Eastern Africa

Validating results of coffee and vanilla baseline survey in Uganda

IITA-Uganda Field Technician inspects a vanilla plant in a coffee, vanilla, banana diversified farm during a field study

Early this year 25 participants from the local government, civil society, private sector, research, and the NGO community came together in Kampala, Uganda, to validate the results of a baseline survey conducted on coffee and vanilla diversified systems in Central and South Western Uganda.

The International Institute of Tropical Agriculture (IITA) conducted the study in collaboration with Catholic Relief Services (CSR), supported by Sustainable Food Lab (SFL).

All the participants contributed to the study, which explored effective approaches for resilient coffee and vanilla farming systems in Uganda. The study aimed at promoting intentional multi-commodity and food crop diversification of smallholder farmers. It covered existing coffee and vanilla farming systems in two districts of Buikwe, Central Uganda and Kasese, South Western Uganda. It also explored elements of climate change effects on the cropping systems, climate-smart agriculture practices applied by farmers, and challenges faced by farmers in crop diversification. Analysis of data collected informed a set of recommendations which were validated by the workshop participants.

IITA-Uganda Field Technician inspects a vanilla plant in a coffee, vanilla, banana diversified farm during a field study

IITA-Uganda Field Technician inspects a vanilla plant in a coffee, vanilla, banana diversified farm during a field study

One significant finding of the study is limited up-to-date knowledge or information on diversification methodologies among farmers and stakeholders. This lack of knowledge and information, according to the participants, can be remedied by conducting further research and disseminating results quickly and in easily accessible formats.

The three recommendations given are to:

  1. Conduct a cost-benefit analysis and living income study to assess the value of coffee and vanilla diversification for smallholder farmers;
  2. Explore the use of fertilizers and their potential effect on organic vanilla production;
  3. Explore organic or natural methods of crop disease and pest control.

The full report can be accessed here: https://cgspace.cgiar.org/handle/10568/108596.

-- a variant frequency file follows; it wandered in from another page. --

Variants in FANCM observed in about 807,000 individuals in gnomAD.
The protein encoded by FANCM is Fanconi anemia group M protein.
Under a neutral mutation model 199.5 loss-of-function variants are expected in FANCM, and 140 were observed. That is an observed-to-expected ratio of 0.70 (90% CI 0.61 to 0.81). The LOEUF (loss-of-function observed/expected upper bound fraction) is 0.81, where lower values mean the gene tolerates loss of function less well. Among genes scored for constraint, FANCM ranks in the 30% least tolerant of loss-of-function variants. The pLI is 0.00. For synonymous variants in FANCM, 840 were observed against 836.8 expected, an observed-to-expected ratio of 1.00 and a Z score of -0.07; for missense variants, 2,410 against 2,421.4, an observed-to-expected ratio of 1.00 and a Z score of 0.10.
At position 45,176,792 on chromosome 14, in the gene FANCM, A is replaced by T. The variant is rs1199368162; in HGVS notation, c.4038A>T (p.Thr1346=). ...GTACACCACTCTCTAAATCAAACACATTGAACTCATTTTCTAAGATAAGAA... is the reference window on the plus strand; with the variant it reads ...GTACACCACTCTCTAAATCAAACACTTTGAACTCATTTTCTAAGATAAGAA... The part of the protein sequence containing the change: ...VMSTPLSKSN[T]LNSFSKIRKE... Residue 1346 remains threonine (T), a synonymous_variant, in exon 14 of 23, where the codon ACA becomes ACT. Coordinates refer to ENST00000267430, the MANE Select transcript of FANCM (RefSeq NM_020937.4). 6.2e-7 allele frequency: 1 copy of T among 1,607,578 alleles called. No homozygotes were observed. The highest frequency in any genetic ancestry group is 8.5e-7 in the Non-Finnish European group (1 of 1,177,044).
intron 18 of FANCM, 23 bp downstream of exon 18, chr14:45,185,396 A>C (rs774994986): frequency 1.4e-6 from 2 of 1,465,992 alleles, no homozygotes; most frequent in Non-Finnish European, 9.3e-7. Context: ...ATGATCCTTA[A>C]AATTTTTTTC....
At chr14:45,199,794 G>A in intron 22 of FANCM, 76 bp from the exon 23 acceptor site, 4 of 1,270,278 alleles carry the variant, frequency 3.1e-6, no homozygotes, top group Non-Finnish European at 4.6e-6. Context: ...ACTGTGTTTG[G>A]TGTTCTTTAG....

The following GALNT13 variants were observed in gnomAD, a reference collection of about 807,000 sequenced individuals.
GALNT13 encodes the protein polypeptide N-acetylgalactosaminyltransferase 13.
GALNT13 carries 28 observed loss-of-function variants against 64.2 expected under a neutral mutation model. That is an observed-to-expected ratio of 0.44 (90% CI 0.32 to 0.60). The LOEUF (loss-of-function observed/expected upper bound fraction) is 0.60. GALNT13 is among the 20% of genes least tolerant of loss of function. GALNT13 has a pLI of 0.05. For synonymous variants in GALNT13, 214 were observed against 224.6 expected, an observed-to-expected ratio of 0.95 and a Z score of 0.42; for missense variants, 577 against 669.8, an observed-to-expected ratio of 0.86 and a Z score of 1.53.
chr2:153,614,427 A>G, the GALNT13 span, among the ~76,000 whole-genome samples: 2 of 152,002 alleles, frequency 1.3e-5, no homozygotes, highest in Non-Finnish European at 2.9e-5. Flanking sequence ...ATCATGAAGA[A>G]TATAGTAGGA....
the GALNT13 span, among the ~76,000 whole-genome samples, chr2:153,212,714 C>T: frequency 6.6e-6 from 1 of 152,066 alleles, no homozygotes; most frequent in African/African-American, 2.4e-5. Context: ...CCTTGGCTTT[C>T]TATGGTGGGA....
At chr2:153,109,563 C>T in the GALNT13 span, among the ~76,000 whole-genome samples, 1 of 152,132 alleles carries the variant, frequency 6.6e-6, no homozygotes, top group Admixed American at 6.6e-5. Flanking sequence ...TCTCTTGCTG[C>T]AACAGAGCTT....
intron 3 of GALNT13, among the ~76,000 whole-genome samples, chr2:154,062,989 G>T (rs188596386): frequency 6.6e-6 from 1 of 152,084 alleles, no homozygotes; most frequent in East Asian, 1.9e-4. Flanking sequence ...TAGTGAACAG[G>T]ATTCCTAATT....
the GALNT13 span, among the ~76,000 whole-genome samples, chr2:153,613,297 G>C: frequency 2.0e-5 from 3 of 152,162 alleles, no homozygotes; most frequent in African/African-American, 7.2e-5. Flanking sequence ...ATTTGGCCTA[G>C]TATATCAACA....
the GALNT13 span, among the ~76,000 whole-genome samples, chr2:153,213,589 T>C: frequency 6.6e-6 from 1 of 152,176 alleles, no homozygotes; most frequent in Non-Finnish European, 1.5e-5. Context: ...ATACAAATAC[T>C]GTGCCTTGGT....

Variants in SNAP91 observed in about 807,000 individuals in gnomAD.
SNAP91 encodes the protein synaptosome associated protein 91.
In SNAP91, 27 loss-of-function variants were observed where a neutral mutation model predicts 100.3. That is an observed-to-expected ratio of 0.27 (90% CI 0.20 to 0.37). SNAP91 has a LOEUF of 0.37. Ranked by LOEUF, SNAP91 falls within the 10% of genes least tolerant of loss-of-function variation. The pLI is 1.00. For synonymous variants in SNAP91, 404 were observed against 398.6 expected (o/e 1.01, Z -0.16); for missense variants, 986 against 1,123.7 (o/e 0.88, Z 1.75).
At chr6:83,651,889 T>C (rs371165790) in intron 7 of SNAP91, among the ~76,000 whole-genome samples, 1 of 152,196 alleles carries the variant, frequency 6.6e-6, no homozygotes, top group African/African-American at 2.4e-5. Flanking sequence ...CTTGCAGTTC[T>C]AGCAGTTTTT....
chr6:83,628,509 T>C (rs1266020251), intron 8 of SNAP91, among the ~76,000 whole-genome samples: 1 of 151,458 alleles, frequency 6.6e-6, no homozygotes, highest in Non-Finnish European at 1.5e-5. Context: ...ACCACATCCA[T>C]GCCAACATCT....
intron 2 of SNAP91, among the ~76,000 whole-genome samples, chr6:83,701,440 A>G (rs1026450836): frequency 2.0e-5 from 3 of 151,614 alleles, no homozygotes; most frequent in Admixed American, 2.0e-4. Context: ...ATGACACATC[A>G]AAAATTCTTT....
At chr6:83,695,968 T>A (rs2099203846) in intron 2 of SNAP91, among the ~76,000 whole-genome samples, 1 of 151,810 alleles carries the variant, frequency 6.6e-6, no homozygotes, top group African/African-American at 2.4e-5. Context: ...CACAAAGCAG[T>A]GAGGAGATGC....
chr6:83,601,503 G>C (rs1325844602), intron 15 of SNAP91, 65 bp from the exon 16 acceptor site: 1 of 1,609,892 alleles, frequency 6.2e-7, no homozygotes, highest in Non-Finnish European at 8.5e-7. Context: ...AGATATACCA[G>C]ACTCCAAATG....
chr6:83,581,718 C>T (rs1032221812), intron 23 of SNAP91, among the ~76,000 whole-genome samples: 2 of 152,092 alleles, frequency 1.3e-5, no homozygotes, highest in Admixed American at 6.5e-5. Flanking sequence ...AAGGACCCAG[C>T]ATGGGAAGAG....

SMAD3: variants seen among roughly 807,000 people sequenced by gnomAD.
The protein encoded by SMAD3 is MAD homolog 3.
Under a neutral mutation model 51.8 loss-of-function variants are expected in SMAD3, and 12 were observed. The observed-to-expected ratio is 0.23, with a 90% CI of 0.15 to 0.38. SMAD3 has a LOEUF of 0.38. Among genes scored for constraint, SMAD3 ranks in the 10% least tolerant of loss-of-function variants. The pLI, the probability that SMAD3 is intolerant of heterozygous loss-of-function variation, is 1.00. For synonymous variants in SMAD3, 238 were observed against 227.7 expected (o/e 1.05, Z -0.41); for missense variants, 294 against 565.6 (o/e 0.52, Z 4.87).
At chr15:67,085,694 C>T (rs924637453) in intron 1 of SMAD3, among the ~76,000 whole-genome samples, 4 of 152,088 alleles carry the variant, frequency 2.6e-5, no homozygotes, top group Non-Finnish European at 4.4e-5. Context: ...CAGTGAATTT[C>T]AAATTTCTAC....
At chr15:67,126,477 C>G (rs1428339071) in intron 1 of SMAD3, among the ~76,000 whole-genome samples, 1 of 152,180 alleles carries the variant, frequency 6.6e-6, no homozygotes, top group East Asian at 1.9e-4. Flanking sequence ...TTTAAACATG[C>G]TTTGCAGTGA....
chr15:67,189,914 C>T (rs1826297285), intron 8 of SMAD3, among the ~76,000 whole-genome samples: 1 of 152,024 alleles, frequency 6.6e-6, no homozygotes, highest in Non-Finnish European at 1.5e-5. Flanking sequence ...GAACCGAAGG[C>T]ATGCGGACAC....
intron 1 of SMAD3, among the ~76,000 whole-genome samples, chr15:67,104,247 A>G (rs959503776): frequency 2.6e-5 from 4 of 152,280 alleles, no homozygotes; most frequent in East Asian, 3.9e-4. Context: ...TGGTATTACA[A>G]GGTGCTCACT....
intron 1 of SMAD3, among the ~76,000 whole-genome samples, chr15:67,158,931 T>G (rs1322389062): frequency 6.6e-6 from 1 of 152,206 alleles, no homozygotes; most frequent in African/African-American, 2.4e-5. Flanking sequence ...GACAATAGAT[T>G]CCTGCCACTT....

The workshop included a keynote presentation and plenary sessions that discussed the findings and validated the recommendations. Participants obtained insights on emerging issues such as the need to identify diversified incomes on and offfarm and their contribution towards the living income of each household. Participants also agreed to the need to explore new alliances for food security.

The study concluded that crop diversification is an effective strategy to deal with climate variability in which farmers increase the range of potential food and cash crops amid climate change. This diversification spreads production and income risks over a broader range of crops, thus reducing livelihood vulnerability to weather and market shocks. Therefore, in diversification, it is vital to look at other income-generating enterprises accessible to a household such as crops in the intercrop, off-farm activities such as commercial motorcycle also known as boda-boda riding, businesses, and selling of labor as a collective term to improve the living income of households in farming communities. In doing this, the different actors, including development partners, government, private sector partners, cooperatives, farmer groups, and NGOs need to consolidate efforts to improve farm household livelihoods.

The workshop recommendations have been shared with private sector partners globally to facilitate? private sector investment in coffee and vanilla diversified farming systems in Uganda. See the full report at https://cgspace.cgiar.org/handle/10568/108596

For more information, please contact Faith Okiror (f.okiror@cgiar.org) or Sarah Margiotta (s.margiotta@cgiar.org).

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